Recently I was invited by Rich Feller of Colorado State University to give a presentation at a meeting about STEM careers--that is, careers that involve science, technology, engineering, or mathematics. Many observers of the American workforce are worried about how our country will stay competitive if our college students continue to move away from these disciplines and instead pursue degrees in business and the humanities.
A research article I encountered this week pointed out some of the reasons why the PhD degree in STEM fields has lost some of its appeal. (Note, however, that many STEM careers do not require a doctoral degree.) John Bound, Sarah Turner, and Patrick Walsh, in "Internationalization of U.S. Doctorate Education”  (Population Studies Center Research Report 09-675, March 2009) note that, on average, recipients of a bachelor’s degree earn higher salaries by going into a line of work that does not entail getting a PhD in science. Although the earnings of doctoral-level scientists have increased over the last decade, bachelor’s-degree holders as a group (not just those in science) have seen even higher increases in earnings. (The exception is PhDs in the physical sciences, whose increase in earnings matches that of bachelor’s-holders in general.) The opposite was true in the late 1950s and early 1960s, when scientists with advanced degrees saw faster income growth than other college graduates.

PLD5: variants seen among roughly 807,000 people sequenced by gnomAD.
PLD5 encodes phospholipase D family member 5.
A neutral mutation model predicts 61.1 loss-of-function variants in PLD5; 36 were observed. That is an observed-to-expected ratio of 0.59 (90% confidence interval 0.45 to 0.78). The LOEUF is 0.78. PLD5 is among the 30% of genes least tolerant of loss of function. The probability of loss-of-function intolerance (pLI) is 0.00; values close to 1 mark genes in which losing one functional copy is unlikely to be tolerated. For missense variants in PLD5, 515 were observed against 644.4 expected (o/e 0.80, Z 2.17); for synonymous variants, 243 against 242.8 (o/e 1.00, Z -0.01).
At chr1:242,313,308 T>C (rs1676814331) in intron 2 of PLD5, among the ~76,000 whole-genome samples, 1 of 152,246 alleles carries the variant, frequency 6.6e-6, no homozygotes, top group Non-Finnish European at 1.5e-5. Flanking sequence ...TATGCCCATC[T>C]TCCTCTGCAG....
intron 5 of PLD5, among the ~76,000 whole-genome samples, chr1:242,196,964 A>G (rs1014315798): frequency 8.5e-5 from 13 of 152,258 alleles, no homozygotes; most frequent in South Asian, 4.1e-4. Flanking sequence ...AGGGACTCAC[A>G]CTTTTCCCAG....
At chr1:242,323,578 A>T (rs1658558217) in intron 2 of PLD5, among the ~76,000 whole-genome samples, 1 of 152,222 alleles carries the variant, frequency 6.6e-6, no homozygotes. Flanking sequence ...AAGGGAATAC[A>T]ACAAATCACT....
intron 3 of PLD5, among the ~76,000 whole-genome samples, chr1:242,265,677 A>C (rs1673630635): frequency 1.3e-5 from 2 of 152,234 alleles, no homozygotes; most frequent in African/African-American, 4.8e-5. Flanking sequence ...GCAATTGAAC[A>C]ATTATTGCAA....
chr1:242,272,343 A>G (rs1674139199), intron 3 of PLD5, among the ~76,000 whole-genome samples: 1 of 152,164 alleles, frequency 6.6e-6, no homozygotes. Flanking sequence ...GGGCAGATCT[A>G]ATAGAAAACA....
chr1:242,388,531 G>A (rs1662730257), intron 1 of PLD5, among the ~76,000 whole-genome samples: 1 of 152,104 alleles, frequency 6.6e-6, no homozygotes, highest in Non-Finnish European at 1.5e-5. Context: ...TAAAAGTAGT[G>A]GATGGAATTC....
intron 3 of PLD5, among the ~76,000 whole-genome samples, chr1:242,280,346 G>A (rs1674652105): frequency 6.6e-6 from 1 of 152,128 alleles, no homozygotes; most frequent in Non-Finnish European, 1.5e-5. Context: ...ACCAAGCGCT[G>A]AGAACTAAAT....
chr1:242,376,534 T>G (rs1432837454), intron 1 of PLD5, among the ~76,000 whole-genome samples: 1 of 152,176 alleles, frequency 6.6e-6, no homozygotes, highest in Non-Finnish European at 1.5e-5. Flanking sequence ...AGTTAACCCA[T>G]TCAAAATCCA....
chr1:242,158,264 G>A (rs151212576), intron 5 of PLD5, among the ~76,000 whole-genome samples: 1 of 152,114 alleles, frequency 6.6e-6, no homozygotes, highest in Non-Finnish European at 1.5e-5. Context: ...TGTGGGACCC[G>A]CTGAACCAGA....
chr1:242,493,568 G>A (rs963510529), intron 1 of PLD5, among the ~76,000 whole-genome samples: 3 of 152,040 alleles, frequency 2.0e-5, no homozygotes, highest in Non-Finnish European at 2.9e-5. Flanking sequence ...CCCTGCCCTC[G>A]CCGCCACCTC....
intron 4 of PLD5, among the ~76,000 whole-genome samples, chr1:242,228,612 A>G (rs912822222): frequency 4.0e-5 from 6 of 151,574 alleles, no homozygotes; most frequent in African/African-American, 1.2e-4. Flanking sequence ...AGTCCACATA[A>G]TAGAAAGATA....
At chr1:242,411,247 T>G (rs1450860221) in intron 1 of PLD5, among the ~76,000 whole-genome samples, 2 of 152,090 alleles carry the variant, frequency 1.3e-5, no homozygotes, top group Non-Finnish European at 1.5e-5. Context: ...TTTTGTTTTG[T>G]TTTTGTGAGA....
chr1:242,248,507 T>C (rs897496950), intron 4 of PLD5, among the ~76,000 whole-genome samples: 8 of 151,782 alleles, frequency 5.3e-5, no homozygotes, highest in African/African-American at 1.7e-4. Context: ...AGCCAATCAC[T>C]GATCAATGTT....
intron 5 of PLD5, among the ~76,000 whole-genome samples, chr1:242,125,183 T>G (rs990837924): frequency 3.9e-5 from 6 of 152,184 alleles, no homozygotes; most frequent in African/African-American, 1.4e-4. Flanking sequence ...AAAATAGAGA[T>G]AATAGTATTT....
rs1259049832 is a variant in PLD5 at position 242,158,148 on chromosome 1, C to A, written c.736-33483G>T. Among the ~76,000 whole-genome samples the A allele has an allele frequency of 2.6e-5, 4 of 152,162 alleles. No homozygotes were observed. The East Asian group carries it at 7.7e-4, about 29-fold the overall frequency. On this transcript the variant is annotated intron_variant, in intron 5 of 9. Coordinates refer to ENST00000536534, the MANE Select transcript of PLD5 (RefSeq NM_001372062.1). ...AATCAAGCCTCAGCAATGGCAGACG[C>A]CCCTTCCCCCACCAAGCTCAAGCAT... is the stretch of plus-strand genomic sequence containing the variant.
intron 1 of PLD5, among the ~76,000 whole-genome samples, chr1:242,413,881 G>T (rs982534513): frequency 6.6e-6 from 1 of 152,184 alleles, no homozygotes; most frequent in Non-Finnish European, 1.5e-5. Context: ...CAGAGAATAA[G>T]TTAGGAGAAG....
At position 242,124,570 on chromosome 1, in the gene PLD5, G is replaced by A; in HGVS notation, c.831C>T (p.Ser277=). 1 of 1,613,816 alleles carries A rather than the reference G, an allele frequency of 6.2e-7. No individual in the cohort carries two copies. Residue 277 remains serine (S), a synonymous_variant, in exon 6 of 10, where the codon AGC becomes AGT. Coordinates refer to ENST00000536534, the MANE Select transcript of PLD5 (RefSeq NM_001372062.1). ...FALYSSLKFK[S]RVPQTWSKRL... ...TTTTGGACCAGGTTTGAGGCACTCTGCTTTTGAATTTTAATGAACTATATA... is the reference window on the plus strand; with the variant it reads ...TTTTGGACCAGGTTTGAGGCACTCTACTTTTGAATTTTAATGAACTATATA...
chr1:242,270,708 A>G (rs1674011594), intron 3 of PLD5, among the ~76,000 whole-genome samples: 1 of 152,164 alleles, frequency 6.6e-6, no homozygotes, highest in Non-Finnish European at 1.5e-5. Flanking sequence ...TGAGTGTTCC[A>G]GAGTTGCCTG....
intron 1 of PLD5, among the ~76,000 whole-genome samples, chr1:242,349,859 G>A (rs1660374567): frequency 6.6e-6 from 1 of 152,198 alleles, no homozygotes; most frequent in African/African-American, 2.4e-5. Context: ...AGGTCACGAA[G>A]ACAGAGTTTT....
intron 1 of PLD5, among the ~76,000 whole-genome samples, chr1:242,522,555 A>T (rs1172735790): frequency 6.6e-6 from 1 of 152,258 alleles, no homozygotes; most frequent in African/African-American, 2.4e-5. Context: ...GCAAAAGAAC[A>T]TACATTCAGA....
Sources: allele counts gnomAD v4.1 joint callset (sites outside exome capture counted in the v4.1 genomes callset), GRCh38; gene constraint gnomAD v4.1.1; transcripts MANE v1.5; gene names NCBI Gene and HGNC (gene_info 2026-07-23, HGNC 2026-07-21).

Part of the reason for the earnings penalty of the science-PhD career path is the increasing importance of postdoctoral studies. Between the 1970s and the 1990s, the amount of time it took between entering graduate school and completing training increased from less than 10 years to 11.8 years. Young people who want to afford some of the comforts of adult life, such as starting a family, are understandably reluctant to commit to years of long work hours, low pay, and limited opportunities for a spouse’s employment.
Another finding reported in the paper is that scientists’ earnings no longer experience the large swings that used to result from changes in federal support for research. Apparently the large number of foreign graduate students in the sciences has created a pool of workers who are able to fill science jobs when funding is available here or to depart for their home countries when funding dries up here, thus dampening the former swings in America’s scientific labor market.